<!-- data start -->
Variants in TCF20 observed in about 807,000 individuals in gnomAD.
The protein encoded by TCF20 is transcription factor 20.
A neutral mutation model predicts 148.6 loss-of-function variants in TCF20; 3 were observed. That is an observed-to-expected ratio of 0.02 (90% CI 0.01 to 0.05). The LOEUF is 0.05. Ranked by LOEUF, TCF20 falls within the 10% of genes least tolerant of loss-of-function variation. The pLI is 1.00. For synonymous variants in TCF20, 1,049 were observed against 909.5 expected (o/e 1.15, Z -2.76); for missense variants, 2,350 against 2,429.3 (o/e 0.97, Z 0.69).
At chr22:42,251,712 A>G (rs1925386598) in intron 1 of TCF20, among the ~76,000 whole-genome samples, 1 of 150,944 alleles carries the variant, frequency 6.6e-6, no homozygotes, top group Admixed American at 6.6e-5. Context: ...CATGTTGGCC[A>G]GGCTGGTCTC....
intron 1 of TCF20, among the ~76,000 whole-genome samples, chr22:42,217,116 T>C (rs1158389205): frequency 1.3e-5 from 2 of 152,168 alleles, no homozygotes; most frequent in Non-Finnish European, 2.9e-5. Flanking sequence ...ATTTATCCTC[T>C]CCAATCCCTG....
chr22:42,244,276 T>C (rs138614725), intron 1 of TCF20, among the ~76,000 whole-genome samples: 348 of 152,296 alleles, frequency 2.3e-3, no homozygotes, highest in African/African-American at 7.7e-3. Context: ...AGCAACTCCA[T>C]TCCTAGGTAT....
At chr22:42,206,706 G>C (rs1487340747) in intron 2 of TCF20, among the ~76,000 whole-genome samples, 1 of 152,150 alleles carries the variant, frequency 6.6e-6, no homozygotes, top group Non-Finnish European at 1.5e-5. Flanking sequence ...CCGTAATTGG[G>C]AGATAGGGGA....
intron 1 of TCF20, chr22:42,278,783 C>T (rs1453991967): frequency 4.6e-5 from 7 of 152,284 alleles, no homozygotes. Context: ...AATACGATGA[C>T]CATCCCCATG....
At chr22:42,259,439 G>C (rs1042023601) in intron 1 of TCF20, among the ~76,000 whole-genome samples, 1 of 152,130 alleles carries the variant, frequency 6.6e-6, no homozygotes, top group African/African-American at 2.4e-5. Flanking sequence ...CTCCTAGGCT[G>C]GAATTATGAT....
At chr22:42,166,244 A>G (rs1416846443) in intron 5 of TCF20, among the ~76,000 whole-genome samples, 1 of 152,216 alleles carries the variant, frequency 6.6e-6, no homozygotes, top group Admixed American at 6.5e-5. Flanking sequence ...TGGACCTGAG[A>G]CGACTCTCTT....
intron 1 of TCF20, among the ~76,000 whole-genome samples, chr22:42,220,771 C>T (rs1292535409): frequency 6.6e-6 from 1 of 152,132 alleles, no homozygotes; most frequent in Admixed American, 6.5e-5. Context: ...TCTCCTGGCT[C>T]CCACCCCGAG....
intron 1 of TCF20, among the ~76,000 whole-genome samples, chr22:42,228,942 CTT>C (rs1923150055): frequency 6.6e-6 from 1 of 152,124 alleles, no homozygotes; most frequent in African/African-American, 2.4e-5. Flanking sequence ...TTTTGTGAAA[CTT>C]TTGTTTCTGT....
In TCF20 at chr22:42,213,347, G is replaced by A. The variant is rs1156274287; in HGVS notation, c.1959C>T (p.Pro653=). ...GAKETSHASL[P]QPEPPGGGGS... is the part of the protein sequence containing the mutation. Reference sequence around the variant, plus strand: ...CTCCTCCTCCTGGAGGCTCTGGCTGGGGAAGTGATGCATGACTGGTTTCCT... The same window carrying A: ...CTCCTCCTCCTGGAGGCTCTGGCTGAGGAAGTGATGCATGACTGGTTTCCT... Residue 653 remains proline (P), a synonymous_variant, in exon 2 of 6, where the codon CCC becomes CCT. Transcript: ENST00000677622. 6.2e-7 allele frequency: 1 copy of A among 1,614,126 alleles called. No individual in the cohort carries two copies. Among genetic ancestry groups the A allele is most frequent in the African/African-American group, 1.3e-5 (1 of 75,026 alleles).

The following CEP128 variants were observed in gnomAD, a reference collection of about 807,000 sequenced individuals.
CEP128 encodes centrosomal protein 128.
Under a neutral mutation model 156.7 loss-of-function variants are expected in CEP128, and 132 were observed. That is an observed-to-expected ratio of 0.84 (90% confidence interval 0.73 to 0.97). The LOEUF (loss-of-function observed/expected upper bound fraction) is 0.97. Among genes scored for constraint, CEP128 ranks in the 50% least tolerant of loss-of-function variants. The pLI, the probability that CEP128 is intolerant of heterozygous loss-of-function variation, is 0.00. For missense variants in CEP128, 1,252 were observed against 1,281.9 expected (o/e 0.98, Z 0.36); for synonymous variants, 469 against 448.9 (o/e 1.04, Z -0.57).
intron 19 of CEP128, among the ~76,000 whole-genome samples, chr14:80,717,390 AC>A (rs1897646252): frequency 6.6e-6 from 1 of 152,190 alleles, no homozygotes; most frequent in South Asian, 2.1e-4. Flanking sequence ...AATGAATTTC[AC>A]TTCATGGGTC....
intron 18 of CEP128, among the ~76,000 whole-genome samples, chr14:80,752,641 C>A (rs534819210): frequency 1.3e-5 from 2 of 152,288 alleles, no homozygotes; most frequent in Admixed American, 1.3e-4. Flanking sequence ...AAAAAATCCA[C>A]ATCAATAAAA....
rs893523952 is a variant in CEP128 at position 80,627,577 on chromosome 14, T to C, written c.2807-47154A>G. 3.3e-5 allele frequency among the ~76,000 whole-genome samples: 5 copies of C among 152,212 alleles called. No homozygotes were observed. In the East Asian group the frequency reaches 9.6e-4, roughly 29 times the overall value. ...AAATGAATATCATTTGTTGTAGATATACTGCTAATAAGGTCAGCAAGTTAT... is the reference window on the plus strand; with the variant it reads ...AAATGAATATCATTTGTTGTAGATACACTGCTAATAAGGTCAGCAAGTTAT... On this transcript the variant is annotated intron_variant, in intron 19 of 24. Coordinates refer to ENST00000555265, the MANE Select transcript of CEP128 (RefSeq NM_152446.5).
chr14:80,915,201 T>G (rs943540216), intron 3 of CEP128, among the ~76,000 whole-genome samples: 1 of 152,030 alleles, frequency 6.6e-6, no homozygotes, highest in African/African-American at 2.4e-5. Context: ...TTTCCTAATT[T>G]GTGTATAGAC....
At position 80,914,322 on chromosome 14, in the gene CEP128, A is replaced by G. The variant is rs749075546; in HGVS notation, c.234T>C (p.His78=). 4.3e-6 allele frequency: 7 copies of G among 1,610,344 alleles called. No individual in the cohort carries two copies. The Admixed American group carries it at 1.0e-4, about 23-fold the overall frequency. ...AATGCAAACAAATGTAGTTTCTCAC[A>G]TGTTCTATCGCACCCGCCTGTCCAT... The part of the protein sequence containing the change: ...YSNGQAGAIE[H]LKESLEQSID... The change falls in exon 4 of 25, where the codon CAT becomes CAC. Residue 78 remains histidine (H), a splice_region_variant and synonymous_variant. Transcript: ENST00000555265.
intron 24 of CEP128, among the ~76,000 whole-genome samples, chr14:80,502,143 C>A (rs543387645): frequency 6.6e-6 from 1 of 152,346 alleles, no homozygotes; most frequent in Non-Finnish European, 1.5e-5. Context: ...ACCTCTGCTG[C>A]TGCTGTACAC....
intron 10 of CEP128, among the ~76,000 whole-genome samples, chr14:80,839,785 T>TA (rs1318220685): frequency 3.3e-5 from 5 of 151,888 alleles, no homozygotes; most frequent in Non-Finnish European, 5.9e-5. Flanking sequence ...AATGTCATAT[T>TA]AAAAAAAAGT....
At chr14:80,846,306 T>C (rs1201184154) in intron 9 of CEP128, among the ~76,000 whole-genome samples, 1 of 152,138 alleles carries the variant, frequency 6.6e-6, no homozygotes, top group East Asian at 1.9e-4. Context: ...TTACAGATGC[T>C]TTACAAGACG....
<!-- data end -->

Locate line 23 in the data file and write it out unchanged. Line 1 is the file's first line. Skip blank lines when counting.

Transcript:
intron 10 of CEP128, among the ~76,000 whole-genome samples, chr14:80,839,785 T>TA (rs1318220685): frequency 3.3e-5 from 5 of 151,888 alleles, no homozygotes; most frequent in Non-Finnish European, 5.9e-5. Flanking sequence ...AATGTCATAT[T>TA]AAAAAAAAGT....